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Members of Penn Leads the Vote help community members on Election Day at the ARCH polling station on Nov. 3, 2020. Credit: Gary Lin

Penn's political groups are spearheading initiatives to increase voter registration numbers on campus and ensure that students have a voting plan in place ahead of next month's primary election in Pennsylvania. 

In primaries across the nation, voters are currently choosing which candidates will represent their party in the November midterm elections. In Pennsylvania, the primary election will take place on May 17, and voters must be registered by May 2.

Penn Leads the Vote co-director and College senior Eva Gonzalez said that students who want to vote in Pennsylvania can visit PLTV's website and fill out the online form any time before the deadline. Since Pennsylvania is one of nine fully-closed primary states — meaning only registered party members can participate in the primaries — individuals must be registered as a Democrat or Republican in order to cast their ballots.

As Pennsylvania's primary takes place after the University's final examination period, Gonzalez acknowledged that many students will have already left campus by the time of the elections. For this reason, she said it is important that students who plan to be in another state over the summer but are registered to vote in Pennsylvania request a mail-in ballot and fill it out before they go home. 

“[Requesting the mail-in ballot] needs to be done pretty soon to make sure that it gets in, and we encourage students to do that process as soon as possible,” Gonzalez said.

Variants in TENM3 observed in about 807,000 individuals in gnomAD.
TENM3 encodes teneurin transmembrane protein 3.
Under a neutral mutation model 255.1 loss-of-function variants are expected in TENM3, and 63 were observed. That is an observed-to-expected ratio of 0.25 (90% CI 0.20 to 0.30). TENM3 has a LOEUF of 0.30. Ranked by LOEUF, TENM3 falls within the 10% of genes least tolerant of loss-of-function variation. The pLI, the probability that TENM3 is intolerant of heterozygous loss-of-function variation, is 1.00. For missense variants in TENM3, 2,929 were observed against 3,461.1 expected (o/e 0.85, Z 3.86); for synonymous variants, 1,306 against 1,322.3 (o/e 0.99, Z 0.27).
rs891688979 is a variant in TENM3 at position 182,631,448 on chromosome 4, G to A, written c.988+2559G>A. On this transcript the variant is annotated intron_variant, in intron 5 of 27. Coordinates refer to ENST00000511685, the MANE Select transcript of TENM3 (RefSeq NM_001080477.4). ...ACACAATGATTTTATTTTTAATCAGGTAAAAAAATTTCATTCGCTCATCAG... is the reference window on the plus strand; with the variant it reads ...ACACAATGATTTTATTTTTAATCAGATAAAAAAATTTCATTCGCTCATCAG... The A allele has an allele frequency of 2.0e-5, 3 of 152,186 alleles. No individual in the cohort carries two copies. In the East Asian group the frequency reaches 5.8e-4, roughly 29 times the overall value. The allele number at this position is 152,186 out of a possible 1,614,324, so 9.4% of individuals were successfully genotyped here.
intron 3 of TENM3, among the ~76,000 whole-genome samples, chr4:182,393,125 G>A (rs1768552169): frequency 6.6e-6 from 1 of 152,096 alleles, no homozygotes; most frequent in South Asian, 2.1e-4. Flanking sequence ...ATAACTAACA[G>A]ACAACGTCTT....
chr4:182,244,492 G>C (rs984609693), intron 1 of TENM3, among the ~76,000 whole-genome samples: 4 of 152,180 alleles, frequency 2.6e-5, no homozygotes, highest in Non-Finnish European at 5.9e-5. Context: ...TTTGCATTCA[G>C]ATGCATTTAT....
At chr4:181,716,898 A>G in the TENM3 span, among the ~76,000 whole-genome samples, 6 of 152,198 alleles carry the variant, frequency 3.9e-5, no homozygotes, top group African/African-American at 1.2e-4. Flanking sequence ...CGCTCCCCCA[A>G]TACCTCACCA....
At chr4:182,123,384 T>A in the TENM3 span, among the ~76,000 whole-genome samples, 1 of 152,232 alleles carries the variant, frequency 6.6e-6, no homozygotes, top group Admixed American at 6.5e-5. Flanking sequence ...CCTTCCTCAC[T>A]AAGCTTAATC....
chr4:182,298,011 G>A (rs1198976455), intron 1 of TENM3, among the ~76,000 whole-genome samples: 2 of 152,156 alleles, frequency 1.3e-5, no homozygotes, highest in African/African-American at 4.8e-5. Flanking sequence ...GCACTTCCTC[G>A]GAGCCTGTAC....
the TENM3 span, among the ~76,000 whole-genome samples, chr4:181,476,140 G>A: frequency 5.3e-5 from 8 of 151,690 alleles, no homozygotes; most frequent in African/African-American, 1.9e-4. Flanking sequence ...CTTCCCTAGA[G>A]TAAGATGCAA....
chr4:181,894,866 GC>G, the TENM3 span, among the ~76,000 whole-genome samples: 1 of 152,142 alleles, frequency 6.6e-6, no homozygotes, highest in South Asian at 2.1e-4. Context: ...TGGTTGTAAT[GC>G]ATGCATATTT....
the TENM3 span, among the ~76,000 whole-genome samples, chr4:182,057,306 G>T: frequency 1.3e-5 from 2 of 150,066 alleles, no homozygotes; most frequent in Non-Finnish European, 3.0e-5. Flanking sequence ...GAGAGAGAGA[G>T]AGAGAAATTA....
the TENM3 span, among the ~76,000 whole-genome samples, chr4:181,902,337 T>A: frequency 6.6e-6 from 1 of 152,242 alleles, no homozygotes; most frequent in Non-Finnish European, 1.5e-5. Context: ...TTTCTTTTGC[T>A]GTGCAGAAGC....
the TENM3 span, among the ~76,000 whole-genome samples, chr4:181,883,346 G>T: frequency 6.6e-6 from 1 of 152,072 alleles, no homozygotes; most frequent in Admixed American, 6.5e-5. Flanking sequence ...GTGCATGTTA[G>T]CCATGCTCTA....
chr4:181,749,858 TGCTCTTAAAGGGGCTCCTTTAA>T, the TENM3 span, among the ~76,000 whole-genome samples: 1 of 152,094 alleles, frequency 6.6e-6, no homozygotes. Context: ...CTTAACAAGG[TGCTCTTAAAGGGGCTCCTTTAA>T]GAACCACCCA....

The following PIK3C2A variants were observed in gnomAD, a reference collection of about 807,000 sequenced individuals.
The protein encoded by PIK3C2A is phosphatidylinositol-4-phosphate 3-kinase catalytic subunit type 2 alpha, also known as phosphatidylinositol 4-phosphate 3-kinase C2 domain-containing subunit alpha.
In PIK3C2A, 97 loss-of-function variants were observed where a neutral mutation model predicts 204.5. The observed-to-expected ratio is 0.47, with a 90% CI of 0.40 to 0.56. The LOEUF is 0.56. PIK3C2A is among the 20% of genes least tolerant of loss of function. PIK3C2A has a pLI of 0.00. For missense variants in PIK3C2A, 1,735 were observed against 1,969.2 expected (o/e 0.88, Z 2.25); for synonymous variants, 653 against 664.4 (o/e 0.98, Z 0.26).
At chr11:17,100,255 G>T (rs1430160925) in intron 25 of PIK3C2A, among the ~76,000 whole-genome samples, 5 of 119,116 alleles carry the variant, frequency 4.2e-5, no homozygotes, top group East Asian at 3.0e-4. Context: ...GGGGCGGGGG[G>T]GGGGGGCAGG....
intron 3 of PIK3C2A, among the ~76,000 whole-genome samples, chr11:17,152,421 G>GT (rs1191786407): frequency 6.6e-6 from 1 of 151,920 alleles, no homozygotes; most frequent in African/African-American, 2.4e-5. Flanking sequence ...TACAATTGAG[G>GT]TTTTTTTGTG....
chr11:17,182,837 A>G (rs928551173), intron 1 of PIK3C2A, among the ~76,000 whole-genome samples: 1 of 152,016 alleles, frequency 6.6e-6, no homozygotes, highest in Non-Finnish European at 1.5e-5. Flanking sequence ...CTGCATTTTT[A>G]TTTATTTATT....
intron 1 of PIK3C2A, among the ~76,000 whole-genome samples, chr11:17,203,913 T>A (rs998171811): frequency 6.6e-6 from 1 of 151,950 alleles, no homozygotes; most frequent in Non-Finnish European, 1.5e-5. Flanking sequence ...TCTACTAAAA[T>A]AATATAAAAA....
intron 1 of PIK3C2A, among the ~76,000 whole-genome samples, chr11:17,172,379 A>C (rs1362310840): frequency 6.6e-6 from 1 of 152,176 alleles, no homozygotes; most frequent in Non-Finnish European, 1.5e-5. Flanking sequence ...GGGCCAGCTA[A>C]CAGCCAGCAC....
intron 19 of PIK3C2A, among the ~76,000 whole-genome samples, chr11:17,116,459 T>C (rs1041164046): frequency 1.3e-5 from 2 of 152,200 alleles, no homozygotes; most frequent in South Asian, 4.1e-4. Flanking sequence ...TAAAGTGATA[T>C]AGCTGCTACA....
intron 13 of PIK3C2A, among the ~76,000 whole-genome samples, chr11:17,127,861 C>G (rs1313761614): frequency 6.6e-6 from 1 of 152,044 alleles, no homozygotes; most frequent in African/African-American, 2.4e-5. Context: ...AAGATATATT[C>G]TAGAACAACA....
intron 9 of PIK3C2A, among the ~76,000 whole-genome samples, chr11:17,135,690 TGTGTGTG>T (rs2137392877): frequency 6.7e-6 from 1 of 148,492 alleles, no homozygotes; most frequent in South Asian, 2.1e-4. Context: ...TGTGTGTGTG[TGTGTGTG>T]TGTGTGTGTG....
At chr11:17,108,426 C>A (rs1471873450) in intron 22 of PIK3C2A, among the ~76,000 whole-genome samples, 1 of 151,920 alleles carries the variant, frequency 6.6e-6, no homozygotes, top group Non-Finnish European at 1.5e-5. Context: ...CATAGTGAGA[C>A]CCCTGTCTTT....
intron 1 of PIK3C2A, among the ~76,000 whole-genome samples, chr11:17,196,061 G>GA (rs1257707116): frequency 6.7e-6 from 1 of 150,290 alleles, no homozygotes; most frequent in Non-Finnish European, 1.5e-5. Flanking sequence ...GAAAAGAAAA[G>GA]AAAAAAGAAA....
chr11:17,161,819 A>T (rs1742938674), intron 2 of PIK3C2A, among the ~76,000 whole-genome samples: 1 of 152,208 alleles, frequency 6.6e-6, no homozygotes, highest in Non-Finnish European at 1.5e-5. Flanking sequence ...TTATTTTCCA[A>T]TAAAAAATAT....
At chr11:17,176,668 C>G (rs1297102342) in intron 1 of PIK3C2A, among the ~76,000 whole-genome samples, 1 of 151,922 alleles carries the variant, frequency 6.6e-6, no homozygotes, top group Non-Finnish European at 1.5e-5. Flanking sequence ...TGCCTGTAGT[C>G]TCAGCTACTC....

Gonzalez added that students have the option to stay registered in their original state if they are not from Pennsylvania, noting that each state will have a slightly different procedure. However, in most cases, the registration process can be completed in three to five minutes via an online form.

In the 2020 general election, Penn ranked above the national college and general population averages with 76.7% of eligible students voting. 

“Students [at Penn] are really turning out to vote in great numbers, and we’re really excited by that," Gonzalez said. "We hope that we can continue to do this.” 

Over the past month, PLTV has hosted events to encourage the student body to register, including a food giveaway for mail-in ballot request fulfillments and informational events at all college houses. They will also be organizing a Wellness Walk on April 29, during which they will host a group walk to the post office on 40th Street so that anyone can mail in their ballot or mail in a request form ahead of the May 2 deadline.

Other partisan political groups on campus have also focused on increasing voter turnout at Penn, including Penn Democrats and College Republicans.

Penn Democrats political director and College sophomore Lucy Kronenberg explained that one of the club’s current focuses is ensuring that students have a plan to vote. 

“In addition to voter registration, we’re really trying to focus on making sure that students have requested their absentee ballots," Kronenberg said. "[We are] pushing that more broadly on our social media.”

She explained that students can switch their voting state to Pennsylvania and switch back in future election years, as long as they are not voting in two states during the same election period.

Co-political director of College Republicans and Wharton first year Joshua Frazier said that College Republicans has also encouraged students to get registered to vote and to request absentee ballots, either from Pennsylvania or their home state. 

“We want to make sure that whichever state they feel most connected to, whether it’s Pennsylvania or back home, that [students] have the choice to [vote] and the resources to do it as well,” Frazier said.